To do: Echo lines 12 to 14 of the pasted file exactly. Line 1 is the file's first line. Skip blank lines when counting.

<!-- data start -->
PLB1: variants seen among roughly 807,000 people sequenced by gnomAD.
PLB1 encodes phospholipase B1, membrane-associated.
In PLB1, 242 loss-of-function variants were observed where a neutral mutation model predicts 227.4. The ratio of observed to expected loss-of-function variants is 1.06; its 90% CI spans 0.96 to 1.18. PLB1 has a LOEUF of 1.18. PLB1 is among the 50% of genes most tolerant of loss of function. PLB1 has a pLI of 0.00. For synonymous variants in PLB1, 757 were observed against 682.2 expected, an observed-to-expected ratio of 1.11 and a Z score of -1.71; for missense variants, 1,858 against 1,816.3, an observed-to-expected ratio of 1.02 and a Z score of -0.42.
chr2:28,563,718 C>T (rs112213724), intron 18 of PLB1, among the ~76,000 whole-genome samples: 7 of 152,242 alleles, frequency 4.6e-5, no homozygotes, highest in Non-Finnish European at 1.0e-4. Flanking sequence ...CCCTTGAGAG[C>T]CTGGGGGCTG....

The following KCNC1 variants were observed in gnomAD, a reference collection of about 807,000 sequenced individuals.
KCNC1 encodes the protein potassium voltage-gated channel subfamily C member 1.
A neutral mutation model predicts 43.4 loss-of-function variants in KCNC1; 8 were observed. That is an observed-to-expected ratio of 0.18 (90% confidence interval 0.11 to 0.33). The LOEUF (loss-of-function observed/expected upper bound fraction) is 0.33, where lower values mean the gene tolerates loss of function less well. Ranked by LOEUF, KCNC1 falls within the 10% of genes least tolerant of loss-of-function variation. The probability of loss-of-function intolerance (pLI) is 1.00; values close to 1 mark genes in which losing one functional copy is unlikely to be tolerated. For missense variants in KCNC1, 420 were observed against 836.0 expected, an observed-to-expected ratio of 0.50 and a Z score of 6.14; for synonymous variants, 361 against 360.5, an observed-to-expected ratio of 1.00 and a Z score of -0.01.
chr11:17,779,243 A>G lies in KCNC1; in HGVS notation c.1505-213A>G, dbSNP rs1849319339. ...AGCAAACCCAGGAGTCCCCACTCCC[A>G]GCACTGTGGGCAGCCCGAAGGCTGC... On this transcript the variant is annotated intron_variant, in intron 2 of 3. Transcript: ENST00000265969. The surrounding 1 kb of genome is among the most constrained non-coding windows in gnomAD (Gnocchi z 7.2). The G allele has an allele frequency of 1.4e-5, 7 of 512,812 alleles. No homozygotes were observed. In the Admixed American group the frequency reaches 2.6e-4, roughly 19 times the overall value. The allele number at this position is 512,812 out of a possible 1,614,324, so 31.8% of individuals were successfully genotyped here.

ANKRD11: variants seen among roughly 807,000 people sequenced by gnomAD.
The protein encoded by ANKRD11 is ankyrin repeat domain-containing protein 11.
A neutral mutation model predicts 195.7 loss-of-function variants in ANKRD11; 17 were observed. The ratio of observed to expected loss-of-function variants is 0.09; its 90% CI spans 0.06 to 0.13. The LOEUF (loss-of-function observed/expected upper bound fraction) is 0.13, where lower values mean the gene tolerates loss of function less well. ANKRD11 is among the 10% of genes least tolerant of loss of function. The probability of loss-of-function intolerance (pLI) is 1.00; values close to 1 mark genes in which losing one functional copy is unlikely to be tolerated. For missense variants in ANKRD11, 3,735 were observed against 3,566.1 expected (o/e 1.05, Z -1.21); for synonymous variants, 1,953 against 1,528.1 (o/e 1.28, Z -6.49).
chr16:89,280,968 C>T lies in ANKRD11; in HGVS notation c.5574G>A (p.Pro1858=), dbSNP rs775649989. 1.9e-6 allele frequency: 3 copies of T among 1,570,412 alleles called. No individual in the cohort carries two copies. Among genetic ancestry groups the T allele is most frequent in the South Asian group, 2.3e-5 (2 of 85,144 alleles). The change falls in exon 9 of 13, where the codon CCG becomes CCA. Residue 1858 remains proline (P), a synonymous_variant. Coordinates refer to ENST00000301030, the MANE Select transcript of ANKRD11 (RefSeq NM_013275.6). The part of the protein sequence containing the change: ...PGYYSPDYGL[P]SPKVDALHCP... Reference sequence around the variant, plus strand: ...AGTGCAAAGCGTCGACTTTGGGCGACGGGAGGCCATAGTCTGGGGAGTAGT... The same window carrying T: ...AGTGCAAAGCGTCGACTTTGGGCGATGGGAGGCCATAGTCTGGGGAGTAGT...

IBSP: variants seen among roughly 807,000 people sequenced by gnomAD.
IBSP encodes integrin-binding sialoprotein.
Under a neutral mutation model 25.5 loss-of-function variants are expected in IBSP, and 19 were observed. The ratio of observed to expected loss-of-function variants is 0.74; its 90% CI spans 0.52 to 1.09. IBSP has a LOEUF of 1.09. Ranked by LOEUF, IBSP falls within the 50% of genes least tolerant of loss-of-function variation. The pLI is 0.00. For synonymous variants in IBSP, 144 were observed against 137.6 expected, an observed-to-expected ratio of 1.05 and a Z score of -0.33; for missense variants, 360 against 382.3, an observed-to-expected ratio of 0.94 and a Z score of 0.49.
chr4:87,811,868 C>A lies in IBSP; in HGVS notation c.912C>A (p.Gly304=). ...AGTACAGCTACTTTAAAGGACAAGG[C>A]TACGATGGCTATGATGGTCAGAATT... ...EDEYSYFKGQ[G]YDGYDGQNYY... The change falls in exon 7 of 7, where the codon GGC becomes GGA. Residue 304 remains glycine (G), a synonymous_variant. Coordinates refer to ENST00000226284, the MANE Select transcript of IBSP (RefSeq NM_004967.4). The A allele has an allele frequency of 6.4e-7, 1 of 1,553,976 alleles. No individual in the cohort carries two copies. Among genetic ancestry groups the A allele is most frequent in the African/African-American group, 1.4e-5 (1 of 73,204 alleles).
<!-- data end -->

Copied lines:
chr16:89,280,968 C>T lies in ANKRD11; in HGVS notation c.5574G>A (p.Pro1858=), dbSNP rs775649989. 1.9e-6 allele frequency: 3 copies of T among 1,570,412 alleles called. No individual in the cohort carries two copies. Among genetic ancestry groups the T allele is most frequent in the South Asian group, 2.3e-5 (2 of 85,144 alleles). The change falls in exon 9 of 13, where the codon CCG becomes CCA. Residue 1858 remains proline (P), a synonymous_variant. Coordinates refer to ENST00000301030, the MANE Select transcript of ANKRD11 (RefSeq NM_013275.6). The part of the protein sequence containing the change: ...PGYYSPDYGL[P]SPKVDALHCP... Reference sequence around the variant, plus strand: ...AGTGCAAAGCGTCGACTTTGGGCGACGGGAGGCCATAGTCTGGGGAGTAGT... The same window carrying T: ...AGTGCAAAGCGTCGACTTTGGGCGATGGGAGGCCATAGTCTGGGGAGTAGT...

IBSP: variants seen among roughly 807,000 people sequenced by gnomAD.
IBSP encodes integrin-binding sialoprotein.